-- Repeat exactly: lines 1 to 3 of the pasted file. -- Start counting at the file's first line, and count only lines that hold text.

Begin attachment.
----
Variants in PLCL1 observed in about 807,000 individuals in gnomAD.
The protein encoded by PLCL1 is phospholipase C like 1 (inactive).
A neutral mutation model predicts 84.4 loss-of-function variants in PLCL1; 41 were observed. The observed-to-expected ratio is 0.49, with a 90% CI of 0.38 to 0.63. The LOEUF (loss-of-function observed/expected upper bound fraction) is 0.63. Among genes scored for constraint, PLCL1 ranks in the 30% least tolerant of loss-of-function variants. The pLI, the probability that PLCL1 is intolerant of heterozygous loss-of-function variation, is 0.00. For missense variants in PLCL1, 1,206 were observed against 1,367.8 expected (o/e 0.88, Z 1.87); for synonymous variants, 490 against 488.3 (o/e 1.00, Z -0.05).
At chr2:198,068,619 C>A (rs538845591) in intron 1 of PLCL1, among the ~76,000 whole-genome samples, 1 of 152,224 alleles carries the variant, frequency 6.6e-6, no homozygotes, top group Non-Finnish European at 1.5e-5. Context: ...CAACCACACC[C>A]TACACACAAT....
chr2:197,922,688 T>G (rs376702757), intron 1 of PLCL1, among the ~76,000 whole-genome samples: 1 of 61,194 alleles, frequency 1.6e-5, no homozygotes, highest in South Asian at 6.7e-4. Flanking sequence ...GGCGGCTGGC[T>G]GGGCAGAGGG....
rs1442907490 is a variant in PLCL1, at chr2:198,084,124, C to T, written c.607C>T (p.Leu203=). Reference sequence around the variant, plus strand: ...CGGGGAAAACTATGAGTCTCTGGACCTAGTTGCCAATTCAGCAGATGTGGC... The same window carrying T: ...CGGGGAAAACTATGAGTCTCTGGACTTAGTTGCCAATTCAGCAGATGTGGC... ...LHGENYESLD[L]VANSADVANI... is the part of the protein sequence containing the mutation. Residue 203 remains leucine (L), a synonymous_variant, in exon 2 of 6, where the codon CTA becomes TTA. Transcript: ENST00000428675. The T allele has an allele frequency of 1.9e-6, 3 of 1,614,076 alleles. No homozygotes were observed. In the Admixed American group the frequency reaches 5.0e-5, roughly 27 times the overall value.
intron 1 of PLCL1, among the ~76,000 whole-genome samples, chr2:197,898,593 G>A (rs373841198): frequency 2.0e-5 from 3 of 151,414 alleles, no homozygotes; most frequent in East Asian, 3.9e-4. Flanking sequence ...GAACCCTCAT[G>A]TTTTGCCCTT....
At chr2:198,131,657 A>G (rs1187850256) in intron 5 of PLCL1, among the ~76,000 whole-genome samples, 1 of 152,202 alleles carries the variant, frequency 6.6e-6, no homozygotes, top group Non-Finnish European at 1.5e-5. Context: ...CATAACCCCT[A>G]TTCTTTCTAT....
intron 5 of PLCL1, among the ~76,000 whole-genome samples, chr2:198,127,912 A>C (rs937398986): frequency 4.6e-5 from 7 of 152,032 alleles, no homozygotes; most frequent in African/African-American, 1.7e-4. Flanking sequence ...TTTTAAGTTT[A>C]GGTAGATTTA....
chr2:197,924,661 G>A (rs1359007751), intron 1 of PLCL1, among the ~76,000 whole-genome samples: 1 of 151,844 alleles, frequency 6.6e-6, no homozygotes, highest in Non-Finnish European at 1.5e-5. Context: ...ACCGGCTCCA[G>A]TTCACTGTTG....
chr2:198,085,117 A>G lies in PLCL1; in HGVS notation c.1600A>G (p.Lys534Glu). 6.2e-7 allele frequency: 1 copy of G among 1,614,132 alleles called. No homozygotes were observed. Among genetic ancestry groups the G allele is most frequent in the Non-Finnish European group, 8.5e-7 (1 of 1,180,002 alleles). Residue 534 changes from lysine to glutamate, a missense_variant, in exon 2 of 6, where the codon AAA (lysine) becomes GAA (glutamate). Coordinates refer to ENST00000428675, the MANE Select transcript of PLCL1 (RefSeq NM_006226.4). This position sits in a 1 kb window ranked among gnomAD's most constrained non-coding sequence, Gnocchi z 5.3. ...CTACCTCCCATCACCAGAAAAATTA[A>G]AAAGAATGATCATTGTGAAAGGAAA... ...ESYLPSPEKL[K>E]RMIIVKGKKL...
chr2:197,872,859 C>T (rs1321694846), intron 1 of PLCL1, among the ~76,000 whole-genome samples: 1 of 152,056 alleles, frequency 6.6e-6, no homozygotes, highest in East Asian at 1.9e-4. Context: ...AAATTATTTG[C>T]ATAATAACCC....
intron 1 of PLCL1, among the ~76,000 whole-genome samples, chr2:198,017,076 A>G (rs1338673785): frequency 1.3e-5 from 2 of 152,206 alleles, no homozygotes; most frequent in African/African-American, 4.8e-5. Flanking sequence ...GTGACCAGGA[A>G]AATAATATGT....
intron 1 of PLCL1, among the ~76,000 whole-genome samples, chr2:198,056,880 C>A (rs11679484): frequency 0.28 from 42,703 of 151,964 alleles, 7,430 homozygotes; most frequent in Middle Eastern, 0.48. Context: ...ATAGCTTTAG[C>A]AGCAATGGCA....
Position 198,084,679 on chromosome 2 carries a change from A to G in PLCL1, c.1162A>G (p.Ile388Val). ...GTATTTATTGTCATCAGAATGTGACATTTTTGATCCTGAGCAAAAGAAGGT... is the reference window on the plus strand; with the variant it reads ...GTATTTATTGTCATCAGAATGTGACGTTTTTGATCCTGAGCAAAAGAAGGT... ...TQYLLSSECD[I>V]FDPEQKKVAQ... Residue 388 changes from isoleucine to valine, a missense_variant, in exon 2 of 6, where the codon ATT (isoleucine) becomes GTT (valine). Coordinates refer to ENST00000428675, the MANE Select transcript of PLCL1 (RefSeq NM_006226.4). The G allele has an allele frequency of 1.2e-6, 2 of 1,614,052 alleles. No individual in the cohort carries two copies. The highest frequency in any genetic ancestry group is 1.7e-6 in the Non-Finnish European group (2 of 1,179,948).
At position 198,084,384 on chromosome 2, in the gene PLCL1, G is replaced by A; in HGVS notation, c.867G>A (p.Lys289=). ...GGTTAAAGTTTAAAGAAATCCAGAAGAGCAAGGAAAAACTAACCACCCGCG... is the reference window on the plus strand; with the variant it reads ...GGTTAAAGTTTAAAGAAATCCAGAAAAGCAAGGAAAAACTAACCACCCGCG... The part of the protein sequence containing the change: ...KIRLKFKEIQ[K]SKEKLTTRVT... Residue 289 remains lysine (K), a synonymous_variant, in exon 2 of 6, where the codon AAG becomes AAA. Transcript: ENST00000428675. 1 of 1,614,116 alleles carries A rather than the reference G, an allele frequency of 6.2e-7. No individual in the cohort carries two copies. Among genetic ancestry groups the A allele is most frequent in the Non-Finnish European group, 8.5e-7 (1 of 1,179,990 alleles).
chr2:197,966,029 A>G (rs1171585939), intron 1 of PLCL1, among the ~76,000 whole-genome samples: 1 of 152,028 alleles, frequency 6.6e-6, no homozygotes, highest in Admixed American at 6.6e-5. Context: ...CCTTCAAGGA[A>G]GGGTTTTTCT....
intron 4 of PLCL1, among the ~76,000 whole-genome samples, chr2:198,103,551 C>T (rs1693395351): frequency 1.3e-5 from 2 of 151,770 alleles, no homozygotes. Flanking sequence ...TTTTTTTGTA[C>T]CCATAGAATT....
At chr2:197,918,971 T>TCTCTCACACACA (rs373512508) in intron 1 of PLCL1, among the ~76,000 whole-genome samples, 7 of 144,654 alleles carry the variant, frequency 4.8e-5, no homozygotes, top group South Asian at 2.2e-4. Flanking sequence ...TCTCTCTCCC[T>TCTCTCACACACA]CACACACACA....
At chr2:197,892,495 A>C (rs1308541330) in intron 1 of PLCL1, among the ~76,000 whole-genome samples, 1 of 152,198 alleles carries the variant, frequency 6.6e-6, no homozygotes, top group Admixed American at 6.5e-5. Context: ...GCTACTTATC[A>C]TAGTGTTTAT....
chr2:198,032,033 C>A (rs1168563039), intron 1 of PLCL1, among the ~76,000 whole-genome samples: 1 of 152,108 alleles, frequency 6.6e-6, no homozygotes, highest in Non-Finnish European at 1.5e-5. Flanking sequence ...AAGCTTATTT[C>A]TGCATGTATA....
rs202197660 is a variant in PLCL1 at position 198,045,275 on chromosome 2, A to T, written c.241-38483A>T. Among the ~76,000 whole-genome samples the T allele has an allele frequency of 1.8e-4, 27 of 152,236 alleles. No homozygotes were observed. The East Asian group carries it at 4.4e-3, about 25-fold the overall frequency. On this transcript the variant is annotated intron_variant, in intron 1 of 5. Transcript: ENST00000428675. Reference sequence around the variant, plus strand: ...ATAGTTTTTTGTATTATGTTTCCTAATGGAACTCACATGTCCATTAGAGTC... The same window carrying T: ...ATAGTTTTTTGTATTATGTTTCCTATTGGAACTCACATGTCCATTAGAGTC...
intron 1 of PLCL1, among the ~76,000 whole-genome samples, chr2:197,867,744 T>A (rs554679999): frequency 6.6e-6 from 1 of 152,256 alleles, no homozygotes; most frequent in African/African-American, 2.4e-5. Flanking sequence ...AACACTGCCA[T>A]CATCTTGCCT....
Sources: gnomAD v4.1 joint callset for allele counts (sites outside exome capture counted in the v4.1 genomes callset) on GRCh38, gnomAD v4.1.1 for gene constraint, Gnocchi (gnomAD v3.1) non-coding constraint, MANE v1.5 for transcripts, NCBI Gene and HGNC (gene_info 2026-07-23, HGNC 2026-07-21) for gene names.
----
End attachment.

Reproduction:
Variants in PLCL1 observed in about 807,000 individuals in gnomAD.
The protein encoded by PLCL1 is phospholipase C like 1 (inactive).
A neutral mutation model predicts 84.4 loss-of-function variants in PLCL1; 41 were observed. The observed-to-expected ratio is 0.49, with a 90% CI of 0.38 to 0.63. The LOEUF (loss-of-function observed/expected upper bound fraction) is 0.63. Among genes scored for constraint, PLCL1 ranks in the 30% least tolerant of loss-of-function variants. The pLI, the probability that PLCL1 is intolerant of heterozygous loss-of-function variation, is 0.00. For missense variants in PLCL1, 1,206 were observed against 1,367.8 expected (o/e 0.88, Z 1.87); for synonymous variants, 490 against 488.3 (o/e 1.00, Z -0.05).